Boboy and I were the special guests tasked to entertain. We were not surprised that many of our classmates had never seen us perform live. We teased them that they never watched us because none of them wanted to pay to watch old classmates sing. We prepared a repertoire that showcased what 50 years of APO was all about. I think we amazed them. All night, classmates congratulated us for the 45-minute gig we did.

Two bands played the night away. The Flintstones and The Mixed Emotions had us dancing all night. Eddieboy Rodriguez, a classmate who became a doctor, played the guitar, drums and percussion and sang with The Mixed Emotions while Malu Fernando played drums for The Flintstones, a band he had formed many years ago. It was amazing to hear them play. I thought of how therapeutic it must be for them to still being engaged in their passion for music at age 67. I know, because I am still pursuing my passions.

We all sang the old songs with passion and gusto. We shouted the lyrics out loud as we danced and drank and laughed. Wave upon wave of nostalgia flooded over us — memories of old girlfriends, proms, parties, carefree days of youth, high school life, teachers, special school events, class nights, the awkward teen years, pranks we did on each other — it all inundated us even as we were regaling. It was a magical experience. We felt like we were briefly back in our mostly happy place on the Loyola grounds where we felt the exuberance, strength and invincibility of youth. Even as we were going through some growing pains then, we understood very little of life and the world. Innocence was, indeed, bliss.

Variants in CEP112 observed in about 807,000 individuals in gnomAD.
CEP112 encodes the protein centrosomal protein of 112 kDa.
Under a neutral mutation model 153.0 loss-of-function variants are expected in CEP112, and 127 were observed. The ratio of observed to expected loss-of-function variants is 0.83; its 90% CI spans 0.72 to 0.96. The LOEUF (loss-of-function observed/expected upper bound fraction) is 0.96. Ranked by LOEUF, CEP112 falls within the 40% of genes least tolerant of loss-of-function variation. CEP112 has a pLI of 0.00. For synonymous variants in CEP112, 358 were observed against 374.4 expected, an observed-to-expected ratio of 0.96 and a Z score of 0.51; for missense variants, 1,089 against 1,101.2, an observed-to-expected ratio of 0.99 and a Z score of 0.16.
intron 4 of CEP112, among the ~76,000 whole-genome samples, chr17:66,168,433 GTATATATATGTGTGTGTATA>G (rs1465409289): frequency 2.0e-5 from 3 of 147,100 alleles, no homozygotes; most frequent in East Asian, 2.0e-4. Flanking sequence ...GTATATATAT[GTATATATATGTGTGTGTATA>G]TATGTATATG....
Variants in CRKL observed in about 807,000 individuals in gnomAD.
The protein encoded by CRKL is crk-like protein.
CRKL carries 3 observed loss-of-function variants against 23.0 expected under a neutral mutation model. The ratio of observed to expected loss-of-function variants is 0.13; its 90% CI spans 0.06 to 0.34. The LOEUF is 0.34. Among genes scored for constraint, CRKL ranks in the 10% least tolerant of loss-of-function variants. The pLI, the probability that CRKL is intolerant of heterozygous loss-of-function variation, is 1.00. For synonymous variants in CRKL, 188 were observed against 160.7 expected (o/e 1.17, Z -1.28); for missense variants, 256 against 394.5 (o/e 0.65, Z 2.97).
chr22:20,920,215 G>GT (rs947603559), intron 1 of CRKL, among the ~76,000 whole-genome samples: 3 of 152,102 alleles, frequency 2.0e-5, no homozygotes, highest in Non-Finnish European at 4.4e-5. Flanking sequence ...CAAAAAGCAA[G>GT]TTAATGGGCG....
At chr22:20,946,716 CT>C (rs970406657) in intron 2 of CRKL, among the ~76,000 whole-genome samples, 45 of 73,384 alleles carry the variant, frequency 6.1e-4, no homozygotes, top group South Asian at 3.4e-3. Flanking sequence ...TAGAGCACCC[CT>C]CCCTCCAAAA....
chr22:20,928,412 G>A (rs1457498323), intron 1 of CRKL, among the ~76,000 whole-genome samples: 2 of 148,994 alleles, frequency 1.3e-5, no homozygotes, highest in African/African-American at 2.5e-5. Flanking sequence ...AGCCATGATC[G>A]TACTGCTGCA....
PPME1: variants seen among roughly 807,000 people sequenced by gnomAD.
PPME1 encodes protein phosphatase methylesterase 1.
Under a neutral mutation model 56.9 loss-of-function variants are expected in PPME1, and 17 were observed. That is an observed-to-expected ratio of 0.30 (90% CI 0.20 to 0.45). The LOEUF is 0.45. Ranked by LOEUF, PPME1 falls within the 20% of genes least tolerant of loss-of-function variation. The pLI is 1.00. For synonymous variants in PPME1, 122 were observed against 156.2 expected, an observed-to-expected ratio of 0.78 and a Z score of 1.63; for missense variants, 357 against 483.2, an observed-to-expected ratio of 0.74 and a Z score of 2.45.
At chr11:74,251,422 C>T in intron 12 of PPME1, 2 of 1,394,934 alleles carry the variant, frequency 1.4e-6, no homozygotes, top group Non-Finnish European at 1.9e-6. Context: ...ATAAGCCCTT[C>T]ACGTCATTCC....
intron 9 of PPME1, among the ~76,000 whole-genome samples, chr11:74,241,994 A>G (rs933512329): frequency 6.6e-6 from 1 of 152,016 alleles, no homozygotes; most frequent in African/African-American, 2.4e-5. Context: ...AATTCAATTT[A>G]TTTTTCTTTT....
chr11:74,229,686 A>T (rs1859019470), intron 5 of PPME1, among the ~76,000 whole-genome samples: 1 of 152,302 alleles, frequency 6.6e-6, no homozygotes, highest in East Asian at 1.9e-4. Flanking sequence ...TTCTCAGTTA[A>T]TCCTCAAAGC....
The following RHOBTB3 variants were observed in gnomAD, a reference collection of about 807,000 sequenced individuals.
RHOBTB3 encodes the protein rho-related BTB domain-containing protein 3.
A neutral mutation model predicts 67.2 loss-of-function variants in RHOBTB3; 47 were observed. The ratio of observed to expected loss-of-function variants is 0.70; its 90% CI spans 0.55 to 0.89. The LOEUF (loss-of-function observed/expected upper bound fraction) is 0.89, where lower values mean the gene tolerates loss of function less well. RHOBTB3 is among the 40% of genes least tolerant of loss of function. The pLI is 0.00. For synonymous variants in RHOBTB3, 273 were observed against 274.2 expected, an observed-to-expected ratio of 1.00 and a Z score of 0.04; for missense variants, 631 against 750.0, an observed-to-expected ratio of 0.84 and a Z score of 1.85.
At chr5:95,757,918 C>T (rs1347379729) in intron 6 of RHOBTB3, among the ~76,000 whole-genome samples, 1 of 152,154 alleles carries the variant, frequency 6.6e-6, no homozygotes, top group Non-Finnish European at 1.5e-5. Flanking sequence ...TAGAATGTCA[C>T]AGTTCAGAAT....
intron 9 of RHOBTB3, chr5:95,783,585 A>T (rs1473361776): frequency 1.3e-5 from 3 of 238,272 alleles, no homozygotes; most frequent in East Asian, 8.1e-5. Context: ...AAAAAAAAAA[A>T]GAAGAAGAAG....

We ended the night with warm goodbyes, hugs, carrying our loot bags as we jokingly promised not to wait another 50 years before we saw each other again. The organizers — Greg Cancio, Ed Santos, Tito Panlilio, Monchito Roco, Dodie Limcaoco, Jess Birosel and many more — did a great job. We thanked them profusely. Maybe we should also thank everyone who came for making the night a truly amazing one. As our batch president Greg said, it was a group effort.

I would like to end this by going back to a valedictory speech given by Dr. Tony Dans to a high school class at ADMU a few years back. He told the graduates that many of their high school friends would be playing important roles in their future lives. From their batch, they will find doctors who will take care of them, lawyers who will defend them, professionals they will consult for many things. There will also be classmates who will be living in other parts of the world who will house and feed them when they visit. They will also find friends who will walk with them through the dark tunnel of personal struggles. These friends will go through the darkness while cheering you on all the way.

This is so true. We are all connected in more ways than we imagined we would.

Ralph Waldo Emerson said that, “It is one of the blessings of old friends that you can afford to be stupid with them.” Whatever our failures in life will matter little to those who love us. Were we not surprised that night, how easily we picked up where we had left off, even after decades of not seeing one another? We were young pups when we were in school. Now we are old dogs, but not old enough to stop playing, running and discovering new playgrounds. And we will always be a comfort to each other.